Oil and gas companies evacuated hundreds of workers from production platforms in the Gulf of Mexico and kept a close eye on refinery operations Saturday as Tropical Storm Lee advanced slowly across the region.
Lee had forced the evacuation of personnel from 237 oil and gas production platforms and 23 drilling rigs in the Gulf of Mexico as of Saturday afternoon, a federal agency said.
That meant about 38 percent of the total 617 manned platforms and 33 percent of the 70 drilling rigs operating in the Gulf were evacuated, according to the Bureau of Ocean Energy Management, Regulation and Enforcement.
About 60 percent of current oil production in the Gulf and almost 55 percent of natural gas production has been shut down, the agency said.
Energy companies say they can restart production quickly if rigs are not damaged by the storm.
Anything more than a brief interruption in supplies could affect the price of oil and gasoline. Pump prices, already near record highs for this time of year, may rise if supply lines are crimped. The national average for a gallon of regular on Saturday was $3.66, according to AAA, Wright Express and Oil Price Information Service. That's up a penny from Friday and about five cents higher than a week ago.
Royal Dutch Shell PLC said Saturday that it had evacuated 858 non-essential personnel from its drilling platforms in the Gulf. It also said it was preparing to restaff its Perdido deep-water oil platform, about 200 miles off the Texas coast in the western Gulf of Mexico, as it waited for improved weather to send workers back to its central Gulf operations. Shell operates five other deepwater platforms in the Gulf.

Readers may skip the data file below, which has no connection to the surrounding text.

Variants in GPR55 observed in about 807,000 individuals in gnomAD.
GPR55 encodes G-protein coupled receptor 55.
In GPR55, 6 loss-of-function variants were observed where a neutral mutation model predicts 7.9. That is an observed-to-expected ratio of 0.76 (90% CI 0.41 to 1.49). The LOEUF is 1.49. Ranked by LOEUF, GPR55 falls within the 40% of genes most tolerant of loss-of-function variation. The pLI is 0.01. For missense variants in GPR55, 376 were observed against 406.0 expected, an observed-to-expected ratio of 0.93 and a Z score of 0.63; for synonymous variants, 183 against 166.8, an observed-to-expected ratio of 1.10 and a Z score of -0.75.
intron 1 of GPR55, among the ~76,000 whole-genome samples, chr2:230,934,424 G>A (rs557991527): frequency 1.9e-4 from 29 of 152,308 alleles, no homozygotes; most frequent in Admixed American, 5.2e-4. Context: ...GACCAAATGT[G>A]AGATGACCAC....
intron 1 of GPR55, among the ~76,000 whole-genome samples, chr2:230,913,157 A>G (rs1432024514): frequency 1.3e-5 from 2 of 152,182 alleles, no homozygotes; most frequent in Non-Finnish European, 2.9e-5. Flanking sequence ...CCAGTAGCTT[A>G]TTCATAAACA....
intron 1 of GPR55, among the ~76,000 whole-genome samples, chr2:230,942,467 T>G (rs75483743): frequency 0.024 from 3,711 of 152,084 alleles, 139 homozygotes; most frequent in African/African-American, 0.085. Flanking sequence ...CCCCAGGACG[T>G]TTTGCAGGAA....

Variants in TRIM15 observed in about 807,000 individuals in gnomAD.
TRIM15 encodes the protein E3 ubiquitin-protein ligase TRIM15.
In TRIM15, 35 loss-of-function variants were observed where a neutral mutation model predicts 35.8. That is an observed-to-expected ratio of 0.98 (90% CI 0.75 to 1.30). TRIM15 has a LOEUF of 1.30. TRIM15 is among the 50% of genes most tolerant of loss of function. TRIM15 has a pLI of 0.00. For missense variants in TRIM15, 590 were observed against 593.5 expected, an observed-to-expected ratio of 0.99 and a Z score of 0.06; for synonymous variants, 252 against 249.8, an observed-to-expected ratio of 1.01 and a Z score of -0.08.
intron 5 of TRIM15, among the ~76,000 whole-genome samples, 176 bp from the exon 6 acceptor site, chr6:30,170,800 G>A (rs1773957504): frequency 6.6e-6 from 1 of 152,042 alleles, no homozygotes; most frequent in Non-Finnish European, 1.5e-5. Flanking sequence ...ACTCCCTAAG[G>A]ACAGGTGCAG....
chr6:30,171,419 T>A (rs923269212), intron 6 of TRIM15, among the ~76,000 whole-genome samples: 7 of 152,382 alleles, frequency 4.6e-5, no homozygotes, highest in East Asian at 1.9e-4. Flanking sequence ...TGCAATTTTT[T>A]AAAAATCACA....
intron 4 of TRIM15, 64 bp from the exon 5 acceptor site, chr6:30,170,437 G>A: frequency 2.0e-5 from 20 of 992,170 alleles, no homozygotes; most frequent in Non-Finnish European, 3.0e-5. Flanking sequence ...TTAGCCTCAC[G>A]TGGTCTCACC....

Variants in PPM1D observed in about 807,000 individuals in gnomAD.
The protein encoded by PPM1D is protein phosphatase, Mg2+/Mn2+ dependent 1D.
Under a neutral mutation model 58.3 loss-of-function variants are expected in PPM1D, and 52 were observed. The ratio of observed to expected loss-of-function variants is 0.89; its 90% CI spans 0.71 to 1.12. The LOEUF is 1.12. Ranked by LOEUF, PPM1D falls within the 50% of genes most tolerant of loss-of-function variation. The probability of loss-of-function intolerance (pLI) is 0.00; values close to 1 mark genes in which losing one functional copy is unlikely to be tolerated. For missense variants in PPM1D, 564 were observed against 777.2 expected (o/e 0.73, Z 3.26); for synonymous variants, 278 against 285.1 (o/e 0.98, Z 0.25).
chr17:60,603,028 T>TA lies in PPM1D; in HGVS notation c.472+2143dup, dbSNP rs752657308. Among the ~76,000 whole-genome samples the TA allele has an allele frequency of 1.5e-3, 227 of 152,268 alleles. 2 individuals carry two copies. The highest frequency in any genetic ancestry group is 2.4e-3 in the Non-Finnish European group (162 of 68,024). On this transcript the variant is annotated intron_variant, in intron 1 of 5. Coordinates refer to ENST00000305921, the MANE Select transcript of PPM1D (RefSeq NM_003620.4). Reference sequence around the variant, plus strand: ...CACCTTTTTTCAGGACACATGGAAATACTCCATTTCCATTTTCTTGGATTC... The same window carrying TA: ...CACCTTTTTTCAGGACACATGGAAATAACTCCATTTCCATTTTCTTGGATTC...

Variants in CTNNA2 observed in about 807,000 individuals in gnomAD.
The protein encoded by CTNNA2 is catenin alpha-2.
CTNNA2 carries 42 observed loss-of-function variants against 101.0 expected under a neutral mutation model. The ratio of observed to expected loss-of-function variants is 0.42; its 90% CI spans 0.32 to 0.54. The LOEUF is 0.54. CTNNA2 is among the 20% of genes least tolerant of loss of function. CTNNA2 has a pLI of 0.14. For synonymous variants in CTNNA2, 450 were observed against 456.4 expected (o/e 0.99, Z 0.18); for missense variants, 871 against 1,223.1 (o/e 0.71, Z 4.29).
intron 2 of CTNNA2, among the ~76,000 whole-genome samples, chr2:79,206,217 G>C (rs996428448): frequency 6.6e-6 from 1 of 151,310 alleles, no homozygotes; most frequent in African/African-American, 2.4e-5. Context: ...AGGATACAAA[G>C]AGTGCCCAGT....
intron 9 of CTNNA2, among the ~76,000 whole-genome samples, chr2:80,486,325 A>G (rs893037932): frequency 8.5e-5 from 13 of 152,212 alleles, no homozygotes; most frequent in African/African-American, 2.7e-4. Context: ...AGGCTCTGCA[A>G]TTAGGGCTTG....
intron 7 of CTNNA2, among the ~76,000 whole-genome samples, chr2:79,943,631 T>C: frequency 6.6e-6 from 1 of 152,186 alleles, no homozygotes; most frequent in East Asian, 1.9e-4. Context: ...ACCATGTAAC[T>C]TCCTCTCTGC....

Other companies said they were closely watching the storm's progress. There were no immediate reports of any impact on refinery operations.
ConocoPhillips said it had evacuated all personnel from its Magnolia platform in the Gulf and shut in or suspended production from the 5,000-barrels-a-day platform. Its Gulf Coast refineries continued to operate.
Alon USA Energy Inc.'s Krotz Springs, La., refinery was working under an elevated level of preparation, according to spokesman Blake Lewis. He said the company was encouraged by weather forecasts showing that the storm's impact might be less than expected on Friday, but was monitoring conditions closely.
Meanwhile, Hurricane Katia, has been downgraded to a tropical storm as it makes its way across the Atlantic. It's expected to strengthen to hurricane strength again and eventually move up the East Coast next week. The exact track of the storm is uncertain, but oil and gas companies will follow it closely. Several refineries in New Jersey and Pennsylvania closed temporarily to prevent damage from high winds and flooding as Hurricane Irene passed by last weekend.